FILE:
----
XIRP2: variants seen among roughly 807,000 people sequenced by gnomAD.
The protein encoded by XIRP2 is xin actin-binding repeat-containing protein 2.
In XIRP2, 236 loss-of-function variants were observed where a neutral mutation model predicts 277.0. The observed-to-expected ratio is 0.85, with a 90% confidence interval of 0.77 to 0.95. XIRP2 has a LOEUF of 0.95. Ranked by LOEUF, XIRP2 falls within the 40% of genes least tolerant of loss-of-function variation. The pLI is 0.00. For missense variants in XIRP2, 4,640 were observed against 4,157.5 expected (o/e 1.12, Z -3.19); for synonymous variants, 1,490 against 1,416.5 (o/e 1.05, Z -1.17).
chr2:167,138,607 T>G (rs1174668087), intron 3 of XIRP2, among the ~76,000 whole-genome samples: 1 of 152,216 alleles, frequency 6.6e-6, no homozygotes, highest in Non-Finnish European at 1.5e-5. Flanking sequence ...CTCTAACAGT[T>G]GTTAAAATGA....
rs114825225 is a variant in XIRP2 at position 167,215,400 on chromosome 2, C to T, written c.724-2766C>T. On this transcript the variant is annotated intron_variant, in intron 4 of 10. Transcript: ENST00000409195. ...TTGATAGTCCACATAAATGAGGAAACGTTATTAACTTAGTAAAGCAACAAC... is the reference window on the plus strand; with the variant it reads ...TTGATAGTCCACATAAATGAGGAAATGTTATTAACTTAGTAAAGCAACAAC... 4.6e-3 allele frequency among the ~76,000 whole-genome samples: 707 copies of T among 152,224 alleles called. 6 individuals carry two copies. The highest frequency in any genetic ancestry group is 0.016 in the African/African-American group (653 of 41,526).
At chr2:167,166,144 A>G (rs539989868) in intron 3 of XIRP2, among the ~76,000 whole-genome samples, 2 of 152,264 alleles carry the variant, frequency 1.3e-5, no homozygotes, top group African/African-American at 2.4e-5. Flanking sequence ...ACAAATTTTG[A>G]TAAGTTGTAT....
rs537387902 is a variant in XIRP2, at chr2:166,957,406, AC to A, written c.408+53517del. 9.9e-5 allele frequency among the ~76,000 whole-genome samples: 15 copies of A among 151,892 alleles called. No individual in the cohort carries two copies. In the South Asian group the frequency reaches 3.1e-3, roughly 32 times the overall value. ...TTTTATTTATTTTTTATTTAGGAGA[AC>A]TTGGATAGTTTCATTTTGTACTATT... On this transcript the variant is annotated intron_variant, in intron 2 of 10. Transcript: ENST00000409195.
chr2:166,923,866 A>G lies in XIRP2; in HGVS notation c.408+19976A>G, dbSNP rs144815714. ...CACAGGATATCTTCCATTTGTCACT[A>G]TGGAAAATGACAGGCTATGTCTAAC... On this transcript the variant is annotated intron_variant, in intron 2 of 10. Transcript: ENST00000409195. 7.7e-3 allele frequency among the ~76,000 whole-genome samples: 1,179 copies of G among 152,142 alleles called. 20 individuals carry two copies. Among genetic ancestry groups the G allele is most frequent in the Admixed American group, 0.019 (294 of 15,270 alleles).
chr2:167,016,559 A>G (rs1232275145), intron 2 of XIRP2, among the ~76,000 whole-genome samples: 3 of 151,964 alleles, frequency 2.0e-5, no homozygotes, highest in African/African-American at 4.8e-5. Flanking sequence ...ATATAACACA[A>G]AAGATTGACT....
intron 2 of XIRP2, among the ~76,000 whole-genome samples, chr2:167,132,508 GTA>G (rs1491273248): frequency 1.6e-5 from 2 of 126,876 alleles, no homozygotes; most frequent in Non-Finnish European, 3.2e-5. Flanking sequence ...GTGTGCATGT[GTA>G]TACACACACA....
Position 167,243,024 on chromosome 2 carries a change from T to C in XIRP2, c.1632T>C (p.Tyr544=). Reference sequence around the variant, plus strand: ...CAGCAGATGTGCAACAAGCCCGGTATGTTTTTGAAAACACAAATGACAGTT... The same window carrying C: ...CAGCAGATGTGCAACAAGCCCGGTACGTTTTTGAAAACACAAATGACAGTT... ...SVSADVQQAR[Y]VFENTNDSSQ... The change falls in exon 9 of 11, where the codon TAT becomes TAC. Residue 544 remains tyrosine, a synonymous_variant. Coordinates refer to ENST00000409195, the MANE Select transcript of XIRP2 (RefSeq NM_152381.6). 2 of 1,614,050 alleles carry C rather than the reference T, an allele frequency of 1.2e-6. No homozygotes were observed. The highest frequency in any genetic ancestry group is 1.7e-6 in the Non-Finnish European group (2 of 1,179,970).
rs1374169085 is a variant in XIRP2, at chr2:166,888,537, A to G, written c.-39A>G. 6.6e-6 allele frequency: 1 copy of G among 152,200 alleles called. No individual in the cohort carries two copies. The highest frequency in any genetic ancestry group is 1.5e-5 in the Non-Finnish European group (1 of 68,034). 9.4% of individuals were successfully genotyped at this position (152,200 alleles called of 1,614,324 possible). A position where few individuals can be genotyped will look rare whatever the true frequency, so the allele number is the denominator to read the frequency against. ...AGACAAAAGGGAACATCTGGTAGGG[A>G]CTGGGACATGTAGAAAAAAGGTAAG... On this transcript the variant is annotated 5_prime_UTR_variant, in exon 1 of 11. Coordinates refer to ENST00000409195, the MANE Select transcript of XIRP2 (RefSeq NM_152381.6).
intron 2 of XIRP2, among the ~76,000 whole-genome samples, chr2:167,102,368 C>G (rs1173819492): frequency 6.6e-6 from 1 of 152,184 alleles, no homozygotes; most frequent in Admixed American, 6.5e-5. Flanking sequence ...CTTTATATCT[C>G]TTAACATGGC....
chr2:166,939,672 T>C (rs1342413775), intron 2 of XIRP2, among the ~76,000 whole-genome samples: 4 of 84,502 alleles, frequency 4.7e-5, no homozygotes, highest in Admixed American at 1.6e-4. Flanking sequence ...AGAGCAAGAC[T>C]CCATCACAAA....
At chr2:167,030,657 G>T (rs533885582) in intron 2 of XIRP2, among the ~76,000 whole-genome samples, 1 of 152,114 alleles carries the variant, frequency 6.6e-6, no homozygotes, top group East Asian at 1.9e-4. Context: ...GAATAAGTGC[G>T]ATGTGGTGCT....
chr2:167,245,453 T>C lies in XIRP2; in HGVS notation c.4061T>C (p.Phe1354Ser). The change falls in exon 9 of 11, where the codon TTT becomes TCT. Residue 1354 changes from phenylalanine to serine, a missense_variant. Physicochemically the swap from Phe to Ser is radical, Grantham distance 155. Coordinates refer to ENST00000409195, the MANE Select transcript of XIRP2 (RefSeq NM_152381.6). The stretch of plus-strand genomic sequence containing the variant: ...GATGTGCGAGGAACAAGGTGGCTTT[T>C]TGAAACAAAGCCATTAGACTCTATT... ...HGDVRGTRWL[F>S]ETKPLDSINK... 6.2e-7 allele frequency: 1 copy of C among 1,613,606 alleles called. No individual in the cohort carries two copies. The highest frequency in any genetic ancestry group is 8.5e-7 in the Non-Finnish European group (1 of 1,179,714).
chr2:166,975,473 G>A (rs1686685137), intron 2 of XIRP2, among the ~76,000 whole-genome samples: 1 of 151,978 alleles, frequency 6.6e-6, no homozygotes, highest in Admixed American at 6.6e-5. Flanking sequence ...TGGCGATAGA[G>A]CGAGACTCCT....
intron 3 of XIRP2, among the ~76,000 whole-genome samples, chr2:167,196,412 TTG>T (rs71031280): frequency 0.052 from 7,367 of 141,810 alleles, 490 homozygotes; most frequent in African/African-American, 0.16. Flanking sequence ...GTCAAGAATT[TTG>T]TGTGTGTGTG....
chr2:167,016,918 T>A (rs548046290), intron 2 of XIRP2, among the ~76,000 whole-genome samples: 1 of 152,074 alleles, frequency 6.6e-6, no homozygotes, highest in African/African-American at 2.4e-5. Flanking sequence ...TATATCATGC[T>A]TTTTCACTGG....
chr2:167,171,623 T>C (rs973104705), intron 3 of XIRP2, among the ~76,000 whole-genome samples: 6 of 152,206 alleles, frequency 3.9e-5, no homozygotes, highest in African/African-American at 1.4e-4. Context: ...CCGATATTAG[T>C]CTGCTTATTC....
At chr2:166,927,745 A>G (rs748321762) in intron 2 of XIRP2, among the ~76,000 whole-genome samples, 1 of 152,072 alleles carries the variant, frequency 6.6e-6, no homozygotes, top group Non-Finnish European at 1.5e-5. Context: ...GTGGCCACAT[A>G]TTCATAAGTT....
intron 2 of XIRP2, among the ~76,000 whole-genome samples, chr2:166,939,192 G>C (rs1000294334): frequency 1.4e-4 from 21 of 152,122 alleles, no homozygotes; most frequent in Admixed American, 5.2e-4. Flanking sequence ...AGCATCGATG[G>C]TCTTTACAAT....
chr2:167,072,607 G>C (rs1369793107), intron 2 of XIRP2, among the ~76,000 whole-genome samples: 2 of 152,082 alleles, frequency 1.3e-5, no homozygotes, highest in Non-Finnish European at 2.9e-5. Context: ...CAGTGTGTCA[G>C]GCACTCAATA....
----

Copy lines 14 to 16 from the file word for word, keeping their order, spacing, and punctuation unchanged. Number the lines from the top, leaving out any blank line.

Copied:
chr2:166,939,672 T>C (rs1342413775), intron 2 of XIRP2, among the ~76,000 whole-genome samples: 4 of 84,502 alleles, frequency 4.7e-5, no homozygotes, highest in Admixed American at 1.6e-4. Flanking sequence ...AGAGCAAGAC[T>C]CCATCACAAA....
At chr2:167,030,657 G>T (rs533885582) in intron 2 of XIRP2, among the ~76,000 whole-genome samples, 1 of 152,114 alleles carries the variant, frequency 6.6e-6, no homozygotes, top group East Asian at 1.9e-4. Context: ...GAATAAGTGC[G>T]ATGTGGTGCT....
chr2:167,245,453 T>C lies in XIRP2; in HGVS notation c.4061T>C (p.Phe1354Ser). The change falls in exon 9 of 11, where the codon TTT becomes TCT. Residue 1354 changes from phenylalanine to serine, a missense_variant. Physicochemically the swap from Phe to Ser is radical, Grantham distance 155. Coordinates refer to ENST00000409195, the MANE Select transcript of XIRP2 (RefSeq NM_152381.6). The stretch of plus-strand genomic sequence containing the variant: ...GATGTGCGAGGAACAAGGTGGCTTT[T>C]TGAAACAAAGCCATTAGACTCTATT... ...HGDVRGTRWL[F>S]ETKPLDSINK... 6.2e-7 allele frequency: 1 copy of C among 1,613,606 alleles called. No individual in the cohort carries two copies. The highest frequency in any genetic ancestry group is 8.5e-7 in the Non-Finnish European group (1 of 1,179,714).